I have published a guest blog on the wonderful Four Nations History Network website today looking at how a Four Nations or Three Kingdoms approach might help us to understand better the lived experience of the financial revolution and the South Sea Bubble of 1720. In this companion post I want to show, using one fantastic primary source, how we might explore how contemporary observers visualised investors from other parts of the British Isles and indeed from further afield. The images that accompany this post are all drawn from one set of playing cards produced in London in the immediate aftermath of the great stock market crash of 1720, which have since been digitised by the Baker Library at Harvard as part of their superb online South Sea Bubble collection. Various sets of playing cards were produced after the bubble to explain to the public different aspects of the bubble. One set showcases the famous or infamous bubble companies set up to benefit from the speculative wave sweeping through London’s Exchange Alley. These cards depict the ‘projects’ or ‘bubble companies’ presented to an often unsuspecting public. These included the following:
Company for trading in Hair
- Company for importing broomsticks from Germany
- Company for a Hydrostatical Air Pump: to draw all manner of wind and vapours out of Human Brains
- Flying engines, Automatons
- Company for making Perpetual Motion Machine
- And best of all: “The Company for a project which will be hereafter revealed”. The Projector of this one allegedly gathered £500 in subscriptions and promptly disappeared.
I am, however, more interested in a second set of cards. These ones, also first published in 1720 can be seen as a sort of morality tale in 52 episodes, illustrating as it does the various categories of individuals who got caught up in the investment mania. Often racist as well as misogynistic in tone, these cards and their captions illustrate through the use of stereotypes and exaggerated images the anxieties about ‘new money’ and disruptive external forces that the aftermath of the bubble revealed bubbling (if one excuses the pun) below the surface of early Georgian ‘polite society. Such fears were of course a feature of William Hogarth’s canonical print on the subject. A number of the cards, including the 1 of Clubs reveal the contemporary sense of concern about women playing an active role in the stock market (women comprised between 5 and 10% of investors), and the impact that this would have on society. Women were, in some quarters, also blamed for the bursting of the bubble, and the use of pejorative gendered language whether in terms of ‘hysteria’ or ‘frenzy’ amongst others, is a notable feature of the post-bubble literature.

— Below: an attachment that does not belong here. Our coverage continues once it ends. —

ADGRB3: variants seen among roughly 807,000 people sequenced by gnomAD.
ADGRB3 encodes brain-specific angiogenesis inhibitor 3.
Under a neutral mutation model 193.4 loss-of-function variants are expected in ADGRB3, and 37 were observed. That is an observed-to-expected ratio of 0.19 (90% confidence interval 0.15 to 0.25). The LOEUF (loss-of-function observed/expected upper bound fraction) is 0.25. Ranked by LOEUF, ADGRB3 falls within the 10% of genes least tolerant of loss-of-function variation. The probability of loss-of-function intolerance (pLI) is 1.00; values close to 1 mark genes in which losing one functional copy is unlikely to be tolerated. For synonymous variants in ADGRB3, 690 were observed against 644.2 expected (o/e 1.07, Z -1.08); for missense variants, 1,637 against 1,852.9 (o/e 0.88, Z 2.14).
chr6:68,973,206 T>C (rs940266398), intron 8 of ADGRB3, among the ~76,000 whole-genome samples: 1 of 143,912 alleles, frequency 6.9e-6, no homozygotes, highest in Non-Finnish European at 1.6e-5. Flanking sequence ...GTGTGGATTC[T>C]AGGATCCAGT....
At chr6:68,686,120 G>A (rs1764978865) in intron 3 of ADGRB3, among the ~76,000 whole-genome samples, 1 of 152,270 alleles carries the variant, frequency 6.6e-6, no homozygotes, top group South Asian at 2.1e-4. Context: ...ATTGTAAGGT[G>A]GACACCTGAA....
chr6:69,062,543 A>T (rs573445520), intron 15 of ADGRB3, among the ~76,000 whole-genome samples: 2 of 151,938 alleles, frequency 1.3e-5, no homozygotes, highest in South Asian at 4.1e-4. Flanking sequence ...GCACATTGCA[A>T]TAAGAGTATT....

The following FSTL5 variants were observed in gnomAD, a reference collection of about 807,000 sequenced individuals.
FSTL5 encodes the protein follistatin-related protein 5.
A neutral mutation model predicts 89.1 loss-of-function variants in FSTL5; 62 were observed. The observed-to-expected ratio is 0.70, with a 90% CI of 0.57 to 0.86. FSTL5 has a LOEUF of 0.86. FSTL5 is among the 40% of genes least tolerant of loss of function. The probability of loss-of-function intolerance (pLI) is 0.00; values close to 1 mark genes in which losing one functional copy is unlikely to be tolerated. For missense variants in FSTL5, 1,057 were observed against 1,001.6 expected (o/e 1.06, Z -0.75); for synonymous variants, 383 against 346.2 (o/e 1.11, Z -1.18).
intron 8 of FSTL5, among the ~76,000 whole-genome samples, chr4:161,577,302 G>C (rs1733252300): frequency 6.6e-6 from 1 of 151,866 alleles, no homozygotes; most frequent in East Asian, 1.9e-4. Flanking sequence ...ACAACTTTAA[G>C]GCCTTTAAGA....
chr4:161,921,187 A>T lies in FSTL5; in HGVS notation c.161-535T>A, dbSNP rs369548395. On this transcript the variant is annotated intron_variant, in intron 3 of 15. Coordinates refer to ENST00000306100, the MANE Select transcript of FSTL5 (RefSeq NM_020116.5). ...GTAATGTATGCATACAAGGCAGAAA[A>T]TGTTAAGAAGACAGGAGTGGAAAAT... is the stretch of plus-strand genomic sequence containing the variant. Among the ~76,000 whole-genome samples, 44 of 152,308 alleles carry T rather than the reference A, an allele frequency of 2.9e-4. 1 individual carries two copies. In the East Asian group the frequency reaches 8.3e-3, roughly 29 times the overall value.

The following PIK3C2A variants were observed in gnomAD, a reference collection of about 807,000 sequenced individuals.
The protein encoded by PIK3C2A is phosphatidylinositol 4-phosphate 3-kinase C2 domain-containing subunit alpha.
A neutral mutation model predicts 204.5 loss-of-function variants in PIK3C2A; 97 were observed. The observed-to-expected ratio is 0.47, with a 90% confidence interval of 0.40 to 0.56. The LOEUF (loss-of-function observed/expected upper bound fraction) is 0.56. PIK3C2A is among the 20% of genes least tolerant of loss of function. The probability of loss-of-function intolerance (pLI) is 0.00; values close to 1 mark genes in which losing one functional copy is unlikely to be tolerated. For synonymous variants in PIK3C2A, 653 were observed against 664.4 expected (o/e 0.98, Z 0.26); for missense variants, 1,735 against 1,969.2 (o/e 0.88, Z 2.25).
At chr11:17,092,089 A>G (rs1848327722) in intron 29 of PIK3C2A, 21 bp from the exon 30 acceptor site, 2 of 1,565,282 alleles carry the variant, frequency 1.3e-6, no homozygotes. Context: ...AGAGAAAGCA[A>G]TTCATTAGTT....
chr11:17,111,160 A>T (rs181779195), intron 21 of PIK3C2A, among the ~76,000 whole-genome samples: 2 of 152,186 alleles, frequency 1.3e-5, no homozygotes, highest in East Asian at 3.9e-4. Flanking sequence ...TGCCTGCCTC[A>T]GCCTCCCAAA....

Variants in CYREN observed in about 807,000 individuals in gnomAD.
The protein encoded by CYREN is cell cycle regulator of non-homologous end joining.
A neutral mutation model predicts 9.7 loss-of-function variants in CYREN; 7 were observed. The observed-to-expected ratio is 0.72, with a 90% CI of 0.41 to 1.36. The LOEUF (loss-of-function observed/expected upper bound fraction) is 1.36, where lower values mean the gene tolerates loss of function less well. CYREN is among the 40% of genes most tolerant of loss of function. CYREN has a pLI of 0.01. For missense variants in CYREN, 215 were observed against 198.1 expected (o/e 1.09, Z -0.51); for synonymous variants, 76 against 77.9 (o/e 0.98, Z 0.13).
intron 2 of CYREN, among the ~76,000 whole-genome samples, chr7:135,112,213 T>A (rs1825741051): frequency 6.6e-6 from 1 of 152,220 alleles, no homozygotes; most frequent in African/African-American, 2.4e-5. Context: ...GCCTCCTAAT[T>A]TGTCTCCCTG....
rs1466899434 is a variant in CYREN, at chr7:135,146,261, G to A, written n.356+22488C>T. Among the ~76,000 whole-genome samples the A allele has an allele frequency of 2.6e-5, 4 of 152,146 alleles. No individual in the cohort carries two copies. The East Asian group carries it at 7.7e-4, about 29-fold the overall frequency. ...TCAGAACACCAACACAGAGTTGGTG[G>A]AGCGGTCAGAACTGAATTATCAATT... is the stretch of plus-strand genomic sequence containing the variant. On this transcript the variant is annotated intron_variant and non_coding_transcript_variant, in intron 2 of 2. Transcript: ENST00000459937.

Other cards elaborated on existing racial stereotypes. The 10 of Clubs featuring two Irishmen employed the generic Irish name of Teague as well as giving one of the characters an Irish brogue in which to express himself, ‘By God and St Patrick’. In a similar vein the 1 of Diamond’s describes one character as a taffy, while the Welsh leek like the Irish potato on the previously mentioned card, serves to confirm the provincial rural stereotype. In this instance Welsh entrepreneurship, through copper mining, also gets a mention, but the emphasis is on othering these suspicious outsiders who caused the nation’s ruin.
This theme is taken to its logical if distasteful conclusion in a series of xenophobic cards attacking first the Dutch and then more offensively again the London Jews, many of whom were especially prominent in the London stock trading environment. The examples below illustrate this transnational element, with the 6 of Hearts insulting the calvinist Dutch and the 7 of Hearts portraying the Jewish stockbroker as a rapacious greedy individual preparing to prey on an English maiden.
These playing cards provide but a glimpse into the ‘mentalities’ current in London in the aftermath of the great financial crisis of 1720. They portray a society struggling to deal with the unexpected collapse of its rising financial world. They also show how in times of crisis that the first targets for the disgruntled and suspicious are often those who don’t fit into the imagined norms of a community.